The foundation of the community Graben is obscure. The presently still visible Roman Road 'Kehl-Mühlburg-Heidelberg-Neuenheim' which is passing the district of Graben from south to north and the discovery of Roman coins imply that there used to be a fortified Roman place. Between the 5th and the 7th century the fortified village of Graben was founded. In 1306 Graben was mentioned in a document for the very first time.
In the 14th and 15th century Graben used to be the official residence, market town ('Graben the Market') and site of a deanery. The Thirty Years' War brought a lot of despair and distress to Graben. In 1622 the population of Graben was 145 and in 1648 it was only 42. In the 'Orlean War' which was declared in 1688 French soldiers destroyed the castle and the village of Graben; only the church, the town hall and some buildings remained. The people of the village lived from then on in the forest and in the neighboring localities. Peace, order and recovery reverted not before the midst of the 18th century.
The community of Neudorf was founded by merging of two clearing settlements. This new village was mentioned for the first time in 1497 called 'Nuwdorff'. Neudorf was not only the youngest village in this area but also the smallest and the poorest one. The late announcement indicates that fact as well as the small district, the little common land and the missing common forest. Politically seen Neudorf belonged to the worldly dominion of the Bishopric of Speyer while Graben has no longer belonged to it since 1312 but churchly Neudorf was conformed with Graben.
The conformity of the two churchly associated Villages to two different worldly dominions was not of minor importance for the further development In 1556 the margrave Karl 2nd of Baden-Durlach set in the Reformation in his dominion. Therefore, the inhabitants of Graben were forced to voluntarily convert to the Protestantism whereas the inhabitants of Neudorf belonging to the worldly dominion of the bishopric of Speyer had to adhere to the Roman Catholic Church.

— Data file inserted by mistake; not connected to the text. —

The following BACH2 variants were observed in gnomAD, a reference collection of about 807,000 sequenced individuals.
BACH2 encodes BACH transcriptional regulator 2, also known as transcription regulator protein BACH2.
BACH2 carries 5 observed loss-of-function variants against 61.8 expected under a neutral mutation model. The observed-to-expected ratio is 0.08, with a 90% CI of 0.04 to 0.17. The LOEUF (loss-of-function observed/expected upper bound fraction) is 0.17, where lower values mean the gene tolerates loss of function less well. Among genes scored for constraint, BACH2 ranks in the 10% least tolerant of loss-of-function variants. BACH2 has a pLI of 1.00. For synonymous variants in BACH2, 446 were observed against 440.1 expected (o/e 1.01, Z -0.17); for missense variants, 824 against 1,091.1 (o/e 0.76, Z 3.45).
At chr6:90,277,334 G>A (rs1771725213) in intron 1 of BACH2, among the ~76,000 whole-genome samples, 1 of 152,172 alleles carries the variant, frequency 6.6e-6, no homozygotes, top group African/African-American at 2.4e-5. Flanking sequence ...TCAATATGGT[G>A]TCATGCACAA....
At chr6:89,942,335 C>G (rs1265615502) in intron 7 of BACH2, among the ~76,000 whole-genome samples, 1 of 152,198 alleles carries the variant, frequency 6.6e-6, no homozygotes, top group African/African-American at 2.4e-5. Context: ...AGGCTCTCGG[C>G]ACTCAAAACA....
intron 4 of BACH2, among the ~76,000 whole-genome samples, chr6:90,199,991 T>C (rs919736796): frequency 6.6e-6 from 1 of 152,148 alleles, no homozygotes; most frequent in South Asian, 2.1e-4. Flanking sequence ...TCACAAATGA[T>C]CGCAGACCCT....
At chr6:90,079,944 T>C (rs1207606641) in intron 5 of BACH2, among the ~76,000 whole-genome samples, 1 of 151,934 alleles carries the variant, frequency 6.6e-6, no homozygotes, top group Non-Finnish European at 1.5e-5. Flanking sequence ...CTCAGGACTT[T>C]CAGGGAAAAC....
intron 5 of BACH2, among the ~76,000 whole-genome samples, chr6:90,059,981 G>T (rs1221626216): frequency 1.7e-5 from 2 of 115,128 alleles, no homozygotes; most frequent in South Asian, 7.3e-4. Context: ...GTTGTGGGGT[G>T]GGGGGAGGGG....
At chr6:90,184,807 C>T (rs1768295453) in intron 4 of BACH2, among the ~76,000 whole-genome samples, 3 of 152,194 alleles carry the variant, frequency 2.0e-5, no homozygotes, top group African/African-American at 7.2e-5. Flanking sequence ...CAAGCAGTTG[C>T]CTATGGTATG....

In the 17th century it is said that the village of Neudorf was laid in ashes a couple of times and was furthermore afflicted by typhus epidemic and the pestilence again and again and hence only eight families were left in Neudorf in 1683. Being part of the boom at the right side of the Bishopric of Speyer in the first half of the 18th century Neudorf's population grew rapidly as the figures show: In 1719/20 - 48 families and in 1742/43 - 70 families lived in Neudorf.
Together with the part of the right side of the Bishopric of Speyer Neudorf was passed to the margrave Karl Friedrich of Baden on 1st Dec., 1802. A special indicator of the beginning "Time of Baden" is the relatively considerable increase of population. In 1813 the population was 537 and in 1852 it was already 1,236. As the inhabitants lived of agriculture and animal husbandry and their principal occupation was the peat-ditch they stayed as poor as poor can be. That is why in the 1950th and 1960th many families tried their luck in foreign countries. A continually upward-trend only started in the last quart of the 19th century.
Nowadays 11,000 people live in Graben-Neudorf.